they taught their children to fish. Felipe Alou says Don Abundio
never played baseball. Matty says his father did play but quit
at 15 when he saw a friend die after being struck by a bat
during a game.
When those or any other Alou stories differ slightly, there is
no point trying to reconcile them. No family sees with one pair
of eyes. No family speaks with one voice.
"I can say for sure my father never threw a ball to me," Felipe
says. "In America a father can't wait to throw a ball to his
child, but it's not the same in the Dominican Republic. Moises
learned to play in the Mota [youth] League. They knew he could
be a baseball player; I didn't. My father never came to the
States to see me play. The only time he was off the island was
in 1964, when I took him to Caracas for interleague play between
the Dominican Republic and Venezuela. He flew home the second
day because he was afraid the three or four cows he'd left with
a neighbor weren't being tended properly.
"My father did three things for me: He bought me a pair of
spikes when I was 14, though later he cut off the cleats and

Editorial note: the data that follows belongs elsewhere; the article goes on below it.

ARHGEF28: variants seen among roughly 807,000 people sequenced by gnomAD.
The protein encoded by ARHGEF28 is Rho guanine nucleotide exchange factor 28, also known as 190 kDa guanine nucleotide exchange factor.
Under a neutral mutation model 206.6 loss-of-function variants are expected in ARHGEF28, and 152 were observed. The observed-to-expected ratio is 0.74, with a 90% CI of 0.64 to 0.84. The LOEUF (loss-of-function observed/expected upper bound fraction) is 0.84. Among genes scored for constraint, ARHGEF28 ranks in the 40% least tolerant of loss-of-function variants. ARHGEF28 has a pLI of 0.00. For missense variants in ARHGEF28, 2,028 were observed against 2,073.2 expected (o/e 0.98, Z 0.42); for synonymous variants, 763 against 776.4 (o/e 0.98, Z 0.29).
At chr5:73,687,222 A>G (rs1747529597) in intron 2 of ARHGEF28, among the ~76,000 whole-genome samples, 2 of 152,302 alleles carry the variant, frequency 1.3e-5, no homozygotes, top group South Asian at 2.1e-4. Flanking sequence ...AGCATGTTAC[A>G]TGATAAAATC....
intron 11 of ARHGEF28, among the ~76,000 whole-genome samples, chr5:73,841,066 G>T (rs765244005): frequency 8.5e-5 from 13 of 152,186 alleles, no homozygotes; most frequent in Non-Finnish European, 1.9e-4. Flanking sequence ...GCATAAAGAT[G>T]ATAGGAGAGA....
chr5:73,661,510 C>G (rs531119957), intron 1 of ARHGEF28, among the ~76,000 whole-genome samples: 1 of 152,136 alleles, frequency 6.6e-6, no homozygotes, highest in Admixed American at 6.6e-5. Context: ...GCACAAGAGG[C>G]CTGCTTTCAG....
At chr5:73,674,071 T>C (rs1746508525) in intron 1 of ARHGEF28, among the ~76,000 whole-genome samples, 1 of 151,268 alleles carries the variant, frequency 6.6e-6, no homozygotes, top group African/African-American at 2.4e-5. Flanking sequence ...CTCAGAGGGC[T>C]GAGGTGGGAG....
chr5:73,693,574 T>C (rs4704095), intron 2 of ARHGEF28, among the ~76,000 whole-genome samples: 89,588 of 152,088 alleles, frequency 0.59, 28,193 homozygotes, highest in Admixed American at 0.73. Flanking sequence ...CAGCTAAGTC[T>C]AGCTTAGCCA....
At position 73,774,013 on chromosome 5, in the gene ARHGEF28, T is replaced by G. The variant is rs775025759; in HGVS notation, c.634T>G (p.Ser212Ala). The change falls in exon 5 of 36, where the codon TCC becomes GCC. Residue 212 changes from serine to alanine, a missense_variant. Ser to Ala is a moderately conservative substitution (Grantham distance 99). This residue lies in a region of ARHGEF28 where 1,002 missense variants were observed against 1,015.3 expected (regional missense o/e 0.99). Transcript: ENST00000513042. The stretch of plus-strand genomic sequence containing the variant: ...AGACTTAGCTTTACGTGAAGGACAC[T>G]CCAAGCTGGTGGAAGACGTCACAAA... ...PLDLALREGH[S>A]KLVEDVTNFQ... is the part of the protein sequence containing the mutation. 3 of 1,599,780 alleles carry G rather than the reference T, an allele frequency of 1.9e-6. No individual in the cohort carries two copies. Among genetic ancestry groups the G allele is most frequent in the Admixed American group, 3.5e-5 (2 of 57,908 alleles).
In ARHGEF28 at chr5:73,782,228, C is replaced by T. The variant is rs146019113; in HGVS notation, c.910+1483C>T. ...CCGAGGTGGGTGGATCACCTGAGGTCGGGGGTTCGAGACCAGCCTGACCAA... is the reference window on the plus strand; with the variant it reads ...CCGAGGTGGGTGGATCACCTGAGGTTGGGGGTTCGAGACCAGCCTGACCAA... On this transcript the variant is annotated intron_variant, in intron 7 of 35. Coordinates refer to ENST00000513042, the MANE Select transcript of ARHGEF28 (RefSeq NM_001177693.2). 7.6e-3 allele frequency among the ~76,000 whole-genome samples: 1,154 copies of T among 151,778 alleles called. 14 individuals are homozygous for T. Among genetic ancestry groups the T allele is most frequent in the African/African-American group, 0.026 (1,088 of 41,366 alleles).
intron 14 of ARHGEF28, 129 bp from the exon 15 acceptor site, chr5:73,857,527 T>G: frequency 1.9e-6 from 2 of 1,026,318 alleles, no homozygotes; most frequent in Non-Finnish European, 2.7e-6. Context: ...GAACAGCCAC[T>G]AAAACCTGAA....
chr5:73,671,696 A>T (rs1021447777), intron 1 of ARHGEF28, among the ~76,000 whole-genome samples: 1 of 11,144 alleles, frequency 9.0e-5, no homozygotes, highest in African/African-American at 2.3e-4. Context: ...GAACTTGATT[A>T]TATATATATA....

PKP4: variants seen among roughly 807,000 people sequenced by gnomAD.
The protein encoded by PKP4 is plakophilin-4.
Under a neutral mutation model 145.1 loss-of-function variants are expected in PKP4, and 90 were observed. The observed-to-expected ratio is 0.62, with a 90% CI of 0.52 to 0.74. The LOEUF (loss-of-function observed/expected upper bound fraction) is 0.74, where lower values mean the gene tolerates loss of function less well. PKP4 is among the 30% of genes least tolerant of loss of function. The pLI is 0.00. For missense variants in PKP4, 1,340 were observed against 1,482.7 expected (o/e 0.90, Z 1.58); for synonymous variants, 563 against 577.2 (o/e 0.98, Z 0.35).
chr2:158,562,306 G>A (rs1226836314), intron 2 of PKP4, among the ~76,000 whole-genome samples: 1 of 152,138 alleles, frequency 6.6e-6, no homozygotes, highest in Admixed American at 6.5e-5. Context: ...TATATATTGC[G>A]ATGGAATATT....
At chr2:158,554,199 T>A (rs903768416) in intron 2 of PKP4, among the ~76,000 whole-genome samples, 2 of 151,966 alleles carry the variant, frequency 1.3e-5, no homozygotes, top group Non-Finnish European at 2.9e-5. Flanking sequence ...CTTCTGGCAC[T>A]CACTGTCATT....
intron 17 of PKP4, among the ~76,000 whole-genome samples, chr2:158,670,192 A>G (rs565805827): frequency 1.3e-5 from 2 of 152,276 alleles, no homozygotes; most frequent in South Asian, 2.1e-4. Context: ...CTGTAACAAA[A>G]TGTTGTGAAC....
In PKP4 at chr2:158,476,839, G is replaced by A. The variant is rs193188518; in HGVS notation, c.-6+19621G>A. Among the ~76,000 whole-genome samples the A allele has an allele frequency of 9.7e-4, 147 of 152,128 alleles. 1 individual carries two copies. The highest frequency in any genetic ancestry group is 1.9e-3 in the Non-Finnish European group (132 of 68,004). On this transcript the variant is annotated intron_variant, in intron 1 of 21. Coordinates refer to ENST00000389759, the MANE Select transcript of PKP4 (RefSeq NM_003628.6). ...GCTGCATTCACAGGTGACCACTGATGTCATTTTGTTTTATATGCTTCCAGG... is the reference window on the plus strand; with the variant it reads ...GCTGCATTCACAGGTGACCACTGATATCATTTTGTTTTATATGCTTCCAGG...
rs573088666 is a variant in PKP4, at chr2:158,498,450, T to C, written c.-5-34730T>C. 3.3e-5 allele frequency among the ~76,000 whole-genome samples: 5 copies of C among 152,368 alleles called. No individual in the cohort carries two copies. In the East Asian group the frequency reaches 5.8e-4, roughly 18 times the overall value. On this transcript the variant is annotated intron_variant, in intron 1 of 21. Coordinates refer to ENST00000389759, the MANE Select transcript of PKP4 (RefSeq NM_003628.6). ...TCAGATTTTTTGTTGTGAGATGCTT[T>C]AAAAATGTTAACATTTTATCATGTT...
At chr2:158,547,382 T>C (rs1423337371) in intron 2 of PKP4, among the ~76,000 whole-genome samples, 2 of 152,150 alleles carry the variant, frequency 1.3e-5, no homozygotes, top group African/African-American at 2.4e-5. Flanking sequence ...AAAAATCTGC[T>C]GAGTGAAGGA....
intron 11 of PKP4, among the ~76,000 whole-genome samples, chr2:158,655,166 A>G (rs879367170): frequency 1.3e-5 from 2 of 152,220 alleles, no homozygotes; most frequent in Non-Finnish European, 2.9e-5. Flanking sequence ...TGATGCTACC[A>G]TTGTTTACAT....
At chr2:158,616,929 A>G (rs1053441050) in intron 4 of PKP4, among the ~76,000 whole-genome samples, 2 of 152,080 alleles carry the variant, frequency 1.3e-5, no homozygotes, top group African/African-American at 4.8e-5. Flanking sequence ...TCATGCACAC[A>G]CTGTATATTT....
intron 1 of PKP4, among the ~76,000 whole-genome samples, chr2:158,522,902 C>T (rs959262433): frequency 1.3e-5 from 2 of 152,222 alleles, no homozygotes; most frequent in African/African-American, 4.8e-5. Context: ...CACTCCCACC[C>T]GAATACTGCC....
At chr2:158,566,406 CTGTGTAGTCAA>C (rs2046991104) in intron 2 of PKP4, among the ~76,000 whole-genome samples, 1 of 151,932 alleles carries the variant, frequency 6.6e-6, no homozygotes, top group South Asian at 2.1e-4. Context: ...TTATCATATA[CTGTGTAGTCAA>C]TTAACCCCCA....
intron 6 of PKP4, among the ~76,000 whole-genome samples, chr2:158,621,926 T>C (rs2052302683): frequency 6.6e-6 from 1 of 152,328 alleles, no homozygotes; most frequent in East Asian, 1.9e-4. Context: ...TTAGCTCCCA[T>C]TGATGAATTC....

wore those shoes to work in his shop because he didn't have any
other shoes. He gave me permission to sign my contract. And he
was behind me till the day he died."
Felipe, the first Dominican manager in the major leagues, left
Montreal for that sad and quick journey home to bury his father
last August, but he denied Moises permission to attend his
grandfather's funeral. "This team can win without one Alou," he
told his son, "but it can't win without two." The night after
Don Abundio died, Moises hit a home run to help the Expos beat
the St. Louis Cardinals.
"You know, life is funny," Jesus Alou said as he drove away from
the cemetery after a visit there one morning last February.
"Whatever happened to this family was destiny. It was never
forced to go in any direction. It was destiny."
Felipe Alou dozed fitfully as the bus rumbled east through the
Louisiana night. He was sitting in the back of the vehicle
because, in 1956, nine years after Jackie Robinson broke in with
the Brooklyn Dodgers, this was still where you sat if you were
black and traveling by public conveyance from Lake Charles, La.,
to Cocoa Beach, Fla. Alou, who was about to turn 21, had only
recently discovered he was black. Don Abundio was black. Dona
Virginia, whose father had emigrated from Spain, was white.
Felipe had never thought much about his skin color until Jim
Crow did the thinking for him. In his first professional
baseball season in the States, he had had just nine at bats in
five games before officials of his Lake Charles team realized
that discrimination laws in other Evangeline League cities
prohibited Alou and two other blacks on the team from playing
there. That was why Alou was shoehorned into the rear of a bus